|Second Gentlemen of Zimbabwe|
6 December 2004 - 15 August 2011
|Commander of the Zimbabwe Defence Forces|
5 May 1945
Enkeldoorn, Southern Rhodesia
15 August 2011 (aged 66)|
Alamein Farm, Beatrice, Zimbabwe
|Resting place||National Heroes Acre|
|Occupation||Military leader, Politician|
Zimbabwe National Army|
Zimbabwe African National Liberation Army
|Years of service||1964-1990|
|Battles/wars||Rhodesian Bush War|
Solomon Mujuru (born Solomon Mutusva; 5 May 1945 - 15 August 2011), also known by his nom-de-guerre, Rex Nhongo, was a Zimbabwean military officer and politician who led Robert Mugabe's guerrilla forces during the Rhodesian Bush War. He was from the Zezuru clan. In post-independence Zimbabwe, he went on to become army chief before leaving government service in 1995. After leaving his post in the Zimbabwe National Army, he got into politics becoming Member of Parliament for Chikomba on a Zanu PF ticket. He was generally regarded as one of the most feared men in Zimbabwe. His wife, Joice Mujuru, became Vice-President of Zimbabwe in 2004.
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Born Solomon Mutusva in Enkeldoorn, Southern Rhodesia, Mujuru took an interest in politics at an early age. He was first arrested for his activism while a student at Zimuto High School and later joined the youth league of the Zimbabwe African People's Union (ZAPU). He was detained again by the Rhodesian authorities in 1966 and sentenced to two years' imprisonment. Upon his release, Mujuru fled to Lusaka, Zambia, where he was recruited for guerrilla training in the Soviet Union.
During the Zimbabwe War of Liberation Mujuru, with Josiah Tongogara, led the Zimbabwe African National Liberation Army (ZANLA) while Robert Mugabe was in jail for 10 years (from 1964 to 1974). Mugabe, along with Edgar Tekere, subsequently slipped into Mozambique after their release, with assistance from chief Rekayi Tangwena, where Mujuru petitioned the insurgents to accept Mugabe as their leader.
In 1976, Mujuru was appointed military chief of the Patriotic Front, a theoretical amalgamation of ZAPU and Mugabe's Zimbabwe African National Union (ZANU). From 1976 to 1979, he supervised operational planning, infiltration, and the movement of ZANLA cadres inside Rhodesia. In 1980, the ZANLA commander was instrumental in demobilising former guerrillas in assembly points monitored by Commonwealth forces.
Promoted to general in the new Zimbabwe National Army, Mujuru oversaw ZANLA's integration into the Zimbabwe Defence Forces. He was appointed chief of the army following the resignation of Lieutenant-General Peter Walls, and retired in 1992 to go into business. As a civilian, he became influential in the Zimbabwe National Liberation War Veterans Association, lobbying for increased veterans' welfare and a prominent stake in the land reform programme.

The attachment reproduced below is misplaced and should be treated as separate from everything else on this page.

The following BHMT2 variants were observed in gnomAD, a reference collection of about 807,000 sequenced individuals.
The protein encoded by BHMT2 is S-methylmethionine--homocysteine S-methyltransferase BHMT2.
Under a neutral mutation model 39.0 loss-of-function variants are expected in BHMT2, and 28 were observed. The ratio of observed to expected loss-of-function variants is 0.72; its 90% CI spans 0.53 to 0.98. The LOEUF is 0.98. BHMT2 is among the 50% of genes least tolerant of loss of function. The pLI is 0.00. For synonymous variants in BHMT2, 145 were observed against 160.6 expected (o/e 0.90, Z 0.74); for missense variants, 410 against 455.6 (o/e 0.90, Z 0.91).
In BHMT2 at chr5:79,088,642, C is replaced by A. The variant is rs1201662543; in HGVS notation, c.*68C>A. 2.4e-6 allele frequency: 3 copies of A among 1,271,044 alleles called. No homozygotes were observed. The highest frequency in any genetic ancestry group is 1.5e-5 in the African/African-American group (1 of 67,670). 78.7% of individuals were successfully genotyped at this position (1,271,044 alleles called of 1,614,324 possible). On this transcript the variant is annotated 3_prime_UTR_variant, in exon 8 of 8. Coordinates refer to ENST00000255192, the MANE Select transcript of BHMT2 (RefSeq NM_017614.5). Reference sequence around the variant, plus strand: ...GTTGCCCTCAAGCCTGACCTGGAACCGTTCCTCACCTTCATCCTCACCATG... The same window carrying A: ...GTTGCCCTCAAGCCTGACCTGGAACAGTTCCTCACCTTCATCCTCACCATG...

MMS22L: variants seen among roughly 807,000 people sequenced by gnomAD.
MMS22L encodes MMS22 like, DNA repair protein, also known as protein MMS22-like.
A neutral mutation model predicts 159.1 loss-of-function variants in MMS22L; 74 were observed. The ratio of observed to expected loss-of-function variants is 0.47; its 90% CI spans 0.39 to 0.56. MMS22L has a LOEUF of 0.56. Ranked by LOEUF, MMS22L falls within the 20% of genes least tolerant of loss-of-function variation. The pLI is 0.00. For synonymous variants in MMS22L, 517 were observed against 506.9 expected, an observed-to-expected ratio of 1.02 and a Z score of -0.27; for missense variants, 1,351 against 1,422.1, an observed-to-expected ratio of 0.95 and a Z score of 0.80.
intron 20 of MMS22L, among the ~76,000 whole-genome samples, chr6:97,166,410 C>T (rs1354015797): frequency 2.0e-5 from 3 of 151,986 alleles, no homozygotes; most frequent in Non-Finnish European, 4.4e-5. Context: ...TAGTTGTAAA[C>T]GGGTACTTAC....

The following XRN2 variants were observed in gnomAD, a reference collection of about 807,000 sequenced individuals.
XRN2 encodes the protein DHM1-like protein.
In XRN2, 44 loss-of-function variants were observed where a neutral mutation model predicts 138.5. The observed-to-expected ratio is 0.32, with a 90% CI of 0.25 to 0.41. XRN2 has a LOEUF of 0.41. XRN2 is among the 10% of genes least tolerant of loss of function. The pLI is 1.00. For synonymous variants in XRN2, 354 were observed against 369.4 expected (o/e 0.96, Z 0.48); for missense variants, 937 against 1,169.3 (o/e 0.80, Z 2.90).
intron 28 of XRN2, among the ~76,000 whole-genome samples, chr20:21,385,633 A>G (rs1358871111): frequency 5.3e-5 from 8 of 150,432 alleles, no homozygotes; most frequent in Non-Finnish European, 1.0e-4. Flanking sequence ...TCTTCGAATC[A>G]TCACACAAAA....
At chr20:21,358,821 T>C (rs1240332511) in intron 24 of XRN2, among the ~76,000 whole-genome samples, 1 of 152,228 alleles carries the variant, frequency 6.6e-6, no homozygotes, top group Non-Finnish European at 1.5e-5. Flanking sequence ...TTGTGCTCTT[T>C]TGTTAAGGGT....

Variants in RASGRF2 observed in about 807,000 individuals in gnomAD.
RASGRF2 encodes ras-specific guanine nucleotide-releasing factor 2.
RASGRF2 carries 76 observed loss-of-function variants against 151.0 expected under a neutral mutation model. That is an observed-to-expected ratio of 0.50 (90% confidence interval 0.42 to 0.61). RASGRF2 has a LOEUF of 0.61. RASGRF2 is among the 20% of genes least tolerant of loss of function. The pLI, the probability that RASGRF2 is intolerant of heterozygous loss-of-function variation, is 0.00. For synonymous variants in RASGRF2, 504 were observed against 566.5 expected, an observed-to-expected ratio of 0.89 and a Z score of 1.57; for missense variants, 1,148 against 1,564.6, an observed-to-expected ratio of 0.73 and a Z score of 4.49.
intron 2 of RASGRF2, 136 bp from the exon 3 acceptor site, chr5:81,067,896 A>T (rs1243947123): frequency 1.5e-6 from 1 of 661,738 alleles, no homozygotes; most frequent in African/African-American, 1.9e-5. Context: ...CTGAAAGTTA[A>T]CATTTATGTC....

It was generally thought that Mujuru had a tremendous amount of influence on who would lead ZANU-PF and the country. He was the only person believed to have had the stature to challenge Mr Mugabe during party meetings. Newspaper reports claimed Mujuru had been under house arrest and 24-hour surveillance between 2007 and 2008 for his role in attempting to oust Mugabe. However, he remained an influential member of the ruling ZANU-PF politburo and central committees. Mujuru and his wife were among the ZANU-PF party members subject to personal sanctions imposed by the United States.
Mujuru was a successful businessman and commercial farmer, who both advocated and benefitted from indigenisation and black economic empowerment in Zimbabwe. He had diverse business ventures, which included mining, agriculture, transport, tourism and investment in the construction industry. In the mid-1990s Mujuru clashed with Emmerson Mnangagwa, long considered Mugabe's favoured heir, when Solomon bid to buy into the multibillion-dollar Zimasco, a chrome mining and smelting concern in Zimbabwe's Midlands Province.
Popular speculation is that Mujuru owned anywhere between six and sixteen farms, including Alamein Farm, seized from Guy Watson-Smith during the fast-track land reform in 2001. His seizure of Alamein Farm was at the time ruled illegal by the Supreme Court of Zimbabwe.
He had stopped at the Beatrice Hotel, 60 km south-west of Harare, where he had drunk and chatted with patrons; he was having an early night before a long journey the next day. A maid and guard at the farm testified they heard gunshots two hours before flames were seen at his farmhouse. Mujuru had left groceries and his cell phone in his car, something he had never done before. The general had taken 40 minutes to drive from the hotel to his farm, a journey of 10 minutes. The lone policeman was asleep at the time, and after he awoke, he had no airtime, and the radio was broken. When the firetruck arrived it had no water.
An enquiry was opened. The coroner investigating Mujuru's death concluded he had died of smoke inhalation, but Mujuru's family lacks confidence in the coroner's findings. They plan to petition for approval to exhume Mujuru's remains and have them independently examined by a doctor of their own choice. Mujuru's remains are located at Heroes Acre, a memorial in Zimbabwe.
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